The NDP wave has already swept across Quebec, and B.C. may be the next province to succumb to the Orange Crush.
The New Democrats have a long history in B.C., having formed the government on several occasions. But the federal NDP has not won B.C. since 1988, when the party took 37 per cent of the vote under Ed Broadbent. Though their lead over the Progressive Conservatives was only two points, it was enough to give the party 19 of the 32 seats in the province.
The NDP also won the popular vote in B.C. in 1962, 1965 and 1972. But the party's drought in the province now stands at 24 years. Will it end in 2015?
You can read the rest of the article on The Huffington Post Canada website here.
But let's here take a look at the latest Forum Research poll on the provincial voting intentions of British Columbians.
Forum Research was last in the field on Apr. 11, shortly before the two by-election victories by the New Democrats in B.C. Liberal ridings.
Since that poll, the B.C. New Democrats have picked up two points and now lead with 48% support, their highest result in any poll since October 2010.
The B.C. Liberals are unchanged at 23% while the B.C. Conservatives are down four points to 19%. The Greens are steady at 8% support.
The Conservatives did worse than expected in the two by-elections, so this drop in support is not too surprising. But it is significant that even the combined vote of the Liberals and Conservatives (42%) is below that of the New Democrats. In the Apr. 11 poll, the NDP and the Liberals/Conservatives each had 46% support apiece.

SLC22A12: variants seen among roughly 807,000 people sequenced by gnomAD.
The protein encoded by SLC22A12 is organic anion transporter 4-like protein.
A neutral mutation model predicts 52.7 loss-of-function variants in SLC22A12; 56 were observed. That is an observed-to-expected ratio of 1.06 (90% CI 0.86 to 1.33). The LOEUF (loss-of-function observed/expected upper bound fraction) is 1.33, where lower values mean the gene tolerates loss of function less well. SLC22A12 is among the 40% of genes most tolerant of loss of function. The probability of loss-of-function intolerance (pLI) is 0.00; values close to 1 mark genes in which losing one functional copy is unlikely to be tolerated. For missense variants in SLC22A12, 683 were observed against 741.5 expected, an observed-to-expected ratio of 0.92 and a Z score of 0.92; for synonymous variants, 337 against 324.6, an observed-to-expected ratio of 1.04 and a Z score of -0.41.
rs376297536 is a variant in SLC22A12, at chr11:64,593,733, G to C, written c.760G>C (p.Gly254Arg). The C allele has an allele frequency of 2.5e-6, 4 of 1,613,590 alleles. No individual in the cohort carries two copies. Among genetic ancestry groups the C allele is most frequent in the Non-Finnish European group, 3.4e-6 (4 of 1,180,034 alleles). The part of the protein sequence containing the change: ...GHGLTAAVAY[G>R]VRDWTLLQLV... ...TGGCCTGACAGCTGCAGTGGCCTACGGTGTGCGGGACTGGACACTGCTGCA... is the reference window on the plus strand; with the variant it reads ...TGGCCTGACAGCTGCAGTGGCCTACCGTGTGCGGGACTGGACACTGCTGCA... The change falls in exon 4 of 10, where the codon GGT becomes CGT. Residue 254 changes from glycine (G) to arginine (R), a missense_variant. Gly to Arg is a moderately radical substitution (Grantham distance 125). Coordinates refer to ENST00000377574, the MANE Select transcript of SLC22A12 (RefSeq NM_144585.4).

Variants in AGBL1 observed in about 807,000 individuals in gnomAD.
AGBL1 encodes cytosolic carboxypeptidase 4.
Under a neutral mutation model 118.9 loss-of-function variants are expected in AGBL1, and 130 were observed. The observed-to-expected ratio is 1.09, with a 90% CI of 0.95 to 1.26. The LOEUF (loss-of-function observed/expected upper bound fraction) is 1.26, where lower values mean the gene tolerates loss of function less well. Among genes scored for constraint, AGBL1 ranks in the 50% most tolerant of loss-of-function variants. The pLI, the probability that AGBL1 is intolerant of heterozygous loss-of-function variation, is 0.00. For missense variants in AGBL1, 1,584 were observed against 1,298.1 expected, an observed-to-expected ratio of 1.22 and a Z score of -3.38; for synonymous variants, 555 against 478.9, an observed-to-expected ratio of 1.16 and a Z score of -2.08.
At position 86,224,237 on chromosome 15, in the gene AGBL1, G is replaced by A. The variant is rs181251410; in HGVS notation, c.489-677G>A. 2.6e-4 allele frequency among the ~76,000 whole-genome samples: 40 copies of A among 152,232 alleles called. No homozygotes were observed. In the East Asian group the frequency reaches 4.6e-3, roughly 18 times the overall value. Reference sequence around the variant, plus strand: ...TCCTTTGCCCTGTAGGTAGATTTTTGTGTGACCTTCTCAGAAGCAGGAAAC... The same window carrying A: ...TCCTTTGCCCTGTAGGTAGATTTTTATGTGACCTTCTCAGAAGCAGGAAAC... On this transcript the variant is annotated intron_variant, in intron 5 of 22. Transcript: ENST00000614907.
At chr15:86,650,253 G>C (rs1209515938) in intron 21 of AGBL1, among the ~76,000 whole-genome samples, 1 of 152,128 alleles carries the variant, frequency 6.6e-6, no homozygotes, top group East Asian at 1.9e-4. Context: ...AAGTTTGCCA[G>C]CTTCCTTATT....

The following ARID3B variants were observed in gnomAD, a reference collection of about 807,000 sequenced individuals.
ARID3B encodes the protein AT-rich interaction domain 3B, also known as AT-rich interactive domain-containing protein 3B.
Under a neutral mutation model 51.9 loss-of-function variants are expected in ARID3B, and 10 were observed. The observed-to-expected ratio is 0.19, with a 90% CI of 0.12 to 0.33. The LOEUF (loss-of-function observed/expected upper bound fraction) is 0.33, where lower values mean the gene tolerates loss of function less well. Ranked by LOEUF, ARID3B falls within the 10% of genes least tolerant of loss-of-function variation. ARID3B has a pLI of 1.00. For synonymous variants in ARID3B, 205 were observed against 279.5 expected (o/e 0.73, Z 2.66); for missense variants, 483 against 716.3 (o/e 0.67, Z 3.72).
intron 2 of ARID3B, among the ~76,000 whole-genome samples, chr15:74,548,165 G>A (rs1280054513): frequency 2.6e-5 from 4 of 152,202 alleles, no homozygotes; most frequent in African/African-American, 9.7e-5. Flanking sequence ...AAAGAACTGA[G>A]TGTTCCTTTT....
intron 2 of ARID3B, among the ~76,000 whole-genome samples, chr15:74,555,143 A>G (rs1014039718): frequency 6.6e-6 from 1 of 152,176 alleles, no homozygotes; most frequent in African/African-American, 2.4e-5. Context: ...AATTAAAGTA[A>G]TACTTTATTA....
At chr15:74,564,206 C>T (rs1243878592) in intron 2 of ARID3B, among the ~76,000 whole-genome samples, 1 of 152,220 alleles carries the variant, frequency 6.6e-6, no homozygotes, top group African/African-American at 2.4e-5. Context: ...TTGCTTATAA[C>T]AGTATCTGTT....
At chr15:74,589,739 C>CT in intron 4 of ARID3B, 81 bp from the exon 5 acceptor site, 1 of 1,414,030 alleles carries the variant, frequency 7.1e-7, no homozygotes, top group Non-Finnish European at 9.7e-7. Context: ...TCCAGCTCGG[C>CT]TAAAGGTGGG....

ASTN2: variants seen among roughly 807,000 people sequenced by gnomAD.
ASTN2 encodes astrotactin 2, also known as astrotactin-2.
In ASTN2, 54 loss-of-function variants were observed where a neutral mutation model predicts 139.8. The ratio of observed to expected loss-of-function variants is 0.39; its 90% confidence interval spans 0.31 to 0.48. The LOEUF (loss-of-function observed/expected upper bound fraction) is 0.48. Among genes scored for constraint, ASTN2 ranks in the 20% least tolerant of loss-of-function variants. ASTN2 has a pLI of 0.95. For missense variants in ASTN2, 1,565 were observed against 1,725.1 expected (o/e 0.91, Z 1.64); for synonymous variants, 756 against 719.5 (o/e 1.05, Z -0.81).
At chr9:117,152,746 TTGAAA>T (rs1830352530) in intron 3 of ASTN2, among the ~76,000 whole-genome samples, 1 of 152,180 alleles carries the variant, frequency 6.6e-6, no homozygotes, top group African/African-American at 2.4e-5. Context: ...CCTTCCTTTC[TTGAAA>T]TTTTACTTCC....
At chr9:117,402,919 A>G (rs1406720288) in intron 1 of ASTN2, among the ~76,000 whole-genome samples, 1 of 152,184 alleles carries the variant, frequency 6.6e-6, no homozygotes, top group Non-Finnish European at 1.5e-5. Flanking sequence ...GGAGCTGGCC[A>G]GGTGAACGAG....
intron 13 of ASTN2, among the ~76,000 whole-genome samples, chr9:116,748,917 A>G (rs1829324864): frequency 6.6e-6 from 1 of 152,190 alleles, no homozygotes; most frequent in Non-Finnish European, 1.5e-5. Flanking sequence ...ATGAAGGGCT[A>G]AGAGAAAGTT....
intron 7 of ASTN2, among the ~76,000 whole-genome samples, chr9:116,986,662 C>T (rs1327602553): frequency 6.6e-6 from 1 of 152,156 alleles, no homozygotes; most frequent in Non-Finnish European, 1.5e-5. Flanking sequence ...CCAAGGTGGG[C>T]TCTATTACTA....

The NDP has held relatively steady in Vancouver-Lower Mainland with 47% (+2) and 42% (-1) in the Interior/North. They are up six points on Vancouver Island to 56%.
The Liberals are up two points in Vancouver-Lower Mainland to 25% and seven points in the Interior/North to 27%, but are down six points to 16% on Vancouver Island.
The Conservatives, meanwhile, are down four to 20% in Vancouver-Lower Mainland and nine in the Interior/North to 15%, but are unchanged at 19% on Vancouver Island.
One of the problems that the Conservatives had in the two by-elections was getting their vote out - compared to the well-oiled Liberal machine the Conservative rookies were outmatched. Organization isn't everything, though, with the NDP in Quebec being a prime example. But what the NDP in Quebec had that the Conservatives in BC do not is voter enthusiasm.
The Forum poll shows that 88% of NDP voters are very or somewhat enthusiastic about casting their ballot for the NDP in the next election, a stellar result. The Liberals, however, register only 70% while the Conservatives muster only 67%. If anything, that means the NDP could be expected to do even better than 48% if an election had been held on May 2.
But despite the NDP sweep and horrible numbers for the Liberals, Christy Clark gets a higher approval rating among her voters than either Adrian Dix or John Cummins: 69% to 67% for Dix and 60% for Cummins. Though with so little support, one might expect the Liberals to be down to their diehards.
Province wide, Clark has the worst approval rating spread. She scores 25% approval to 62% disapproval, a net result of -37. Cummins scores a lower approval rating (21%), but is only a net -20 as his disapproval is at 41%. Dix has an approval rating of 39%, with 31% disapproving.
Take out the "Don't Knows", and Dix has an approval rating of 56% to 34% for Cummins and only 29% for Clark. That shows the real gap between Dix and the other two leaders.
The B.C. Liberals are considering a name change, but it doesn't seem likely that will save them. Only 16% of British Columbians think they should change their name and only 23% of Liberal supporters. Shocking, really, that a change of name isn't a cure-all.